Conquest Focus: Let me Extus you a question

An article by    Gaming Magic the Gathering        0

Credit: Chase Stone, Wizards of the Coast

Extus, Oriq Overlord is a pretty cool Commander option with a lot of flexibility in how you build around him. You can do an aristocrats-style sacrifice deck, focusing on sacrificing either cheap creatures and triggering death effects with old standbys like Zulaport Cutthroat. You can also try to generate infinite mana, and cast your Commander sorcery over and over, destroying your opponents’ board states and dropping a ton of Blood Avatars with damage on attack triggers, and if you’re lucky, haste enough to just end the game.

But I thought it would be interesting to try to do something a little stranger and perhaps more difficult; something definitely a bit less reliable. I wanted to make an Extus punching deck. “One punch” decks often suffer from an inability to close out the game because they have to throw their hand away for buffs to take someone else out of the game. In a sufficiently punch meta this can result in two one-punch decks each taking out the non-one-punch decks, and then facing off. These decks can also incorporate additional turns or additional attack steps as a way to actually kill all of their opponents. The beauty of additional attack steps is if you’ve buffed your commander and perhaps dropped a Silence then you can keep using those buffs and that silence on your next opponent, and the next.

Credit: Wizards of the Coast

Extus almost inexplicably has double strike, which is quite a useful ability for a commander to have. In Conquest that means you need to get him +4 power in order to straight up kill someone. In Commander you need to get +7, which is significantly more, but still achievable. Thankfully in their infinite wisdom at some point in the past WotC mostly abandoned the traditional color pie, and as a result has given Red has a number of solid temporary buff spells. Black has always had spells that buff power only, but they frequently have an x cost involved, either in life or mana or sacrificed creatures, but post-PlanarChaos Red has some solid +3 power or +4 power spells.

There’s also an extant, mostly forgotten, ability (because it frankly wasn’t that strong) from Gatecrash that we can make use of called Bloodrush. Bloodrush essentially lets you discard a creature card for a buff, generally tied to the creature’s toughness or power and perhaps any combat abilities it had. A creature with Trample and bloodrush will probably give the creature you use the Bloodrush buff on Trample, for example. But for Extus this creates a really neat interaction – since Extus can get your creature cards back out of your graveyard as a Magecraft trigger on casting an instant or sorcery, you can essentially recover your buff spells from your graveyard to cast them again and again.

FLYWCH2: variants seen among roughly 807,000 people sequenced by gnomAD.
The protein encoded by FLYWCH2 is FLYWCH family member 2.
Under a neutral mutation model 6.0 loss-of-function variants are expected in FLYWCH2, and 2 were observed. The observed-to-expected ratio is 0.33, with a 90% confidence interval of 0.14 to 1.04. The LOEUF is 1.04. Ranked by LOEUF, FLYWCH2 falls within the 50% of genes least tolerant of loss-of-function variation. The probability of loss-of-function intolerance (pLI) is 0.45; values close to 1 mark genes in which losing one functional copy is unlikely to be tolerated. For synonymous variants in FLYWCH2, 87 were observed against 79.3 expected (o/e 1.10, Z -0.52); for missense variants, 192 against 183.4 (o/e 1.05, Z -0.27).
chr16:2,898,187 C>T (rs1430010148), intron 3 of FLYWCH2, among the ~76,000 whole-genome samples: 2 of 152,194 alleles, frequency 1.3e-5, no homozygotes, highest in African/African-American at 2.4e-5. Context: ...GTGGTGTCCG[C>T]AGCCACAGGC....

Unlike most traditional one-punch decks you won’t automatically run out of steam with Extus here; that’s because you’ll recover your spells as you punch people in the face. Your ideal scenario with this deck is to drop a cheap creature or two, sac them to rush out Extus, buff him and then go to town, hoping to pull off an additional combat. The mana for that can come from cards like dark ritual, infernal purge, or from Neheb, the Eternal secured by a silence effect like Revel in Silence, the modal face of Flamescroll Celebrant, Grand Abolisher, or your Conquerer’s Flail. To pull of a win like this you’ll have to judge your moment fairly carefully – you can’t just immediately jump someone – but the setup makes it more similar to a combo deck in some ways; you need to assemble your pieces before trying to end the game.

The creature return ability means you can safely ditch creatures with red’s draw/discard spells as you cycle through your deck. Also, the trigger timing of Extus’ Magecraft ability is really important to understand. If you sacrifice a creature to Culling the Weak, the cast trigger will go on the stack, but part of the casting cost of culling is sacrificing the creature, which means the creature will already be in your graveyard, which means you can return the creature you just sacrificed. There’s possibly room in this deck to switch up your cards a bit and include mainstays like Birgi, God of Storytelling and Storm-Kiln artist.  A deck rebuilt this way would probably feature even more card selection, attempting to build up treasures or mana via spamming through and discarding, gaining lots of card advantage from the discard and returning of creatures.

I find Extus really interesting, and much like with Jorn I really hope this tri-color modal dual faced legendary creatures keep coming out, because they allow for really interesting commander and conquest decks, and I think this is one of Wizards’ most sucessful new card design themes in a while. I think it’s safe to say I’ll be revisiting some of the other possible versions of Extus over the coming weeks.

 

 

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